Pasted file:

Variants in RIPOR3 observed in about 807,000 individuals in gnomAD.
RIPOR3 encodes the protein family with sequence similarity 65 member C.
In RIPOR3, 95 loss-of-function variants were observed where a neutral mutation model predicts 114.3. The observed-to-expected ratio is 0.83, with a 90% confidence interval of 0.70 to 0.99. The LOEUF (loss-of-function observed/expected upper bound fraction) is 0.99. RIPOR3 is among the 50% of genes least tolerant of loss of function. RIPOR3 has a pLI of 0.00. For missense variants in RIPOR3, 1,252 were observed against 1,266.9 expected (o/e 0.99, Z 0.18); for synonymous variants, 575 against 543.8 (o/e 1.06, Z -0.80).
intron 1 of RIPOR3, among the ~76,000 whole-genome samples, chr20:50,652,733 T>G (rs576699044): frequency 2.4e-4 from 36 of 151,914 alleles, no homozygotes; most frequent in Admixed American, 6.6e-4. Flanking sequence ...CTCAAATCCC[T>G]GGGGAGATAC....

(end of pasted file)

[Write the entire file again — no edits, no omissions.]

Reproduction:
Variants in RIPOR3 observed in about 807,000 individuals in gnomAD.
RIPOR3 encodes the protein family with sequence similarity 65 member C.
In RIPOR3, 95 loss-of-function variants were observed where a neutral mutation model predicts 114.3. The observed-to-expected ratio is 0.83, with a 90% confidence interval of 0.70 to 0.99. The LOEUF (loss-of-function observed/expected upper bound fraction) is 0.99. RIPOR3 is among the 50% of genes least tolerant of loss of function. RIPOR3 has a pLI of 0.00. For missense variants in RIPOR3, 1,252 were observed against 1,266.9 expected (o/e 0.99, Z 0.18); for synonymous variants, 575 against 543.8 (o/e 1.06, Z -0.80).
intron 1 of RIPOR3, among the ~76,000 whole-genome samples, chr20:50,652,733 T>G (rs576699044): frequency 2.4e-4 from 36 of 151,914 alleles, no homozygotes; most frequent in Admixed American, 6.6e-4. Flanking sequence ...CTCAAATCCC[T>G]GGGGAGATAC....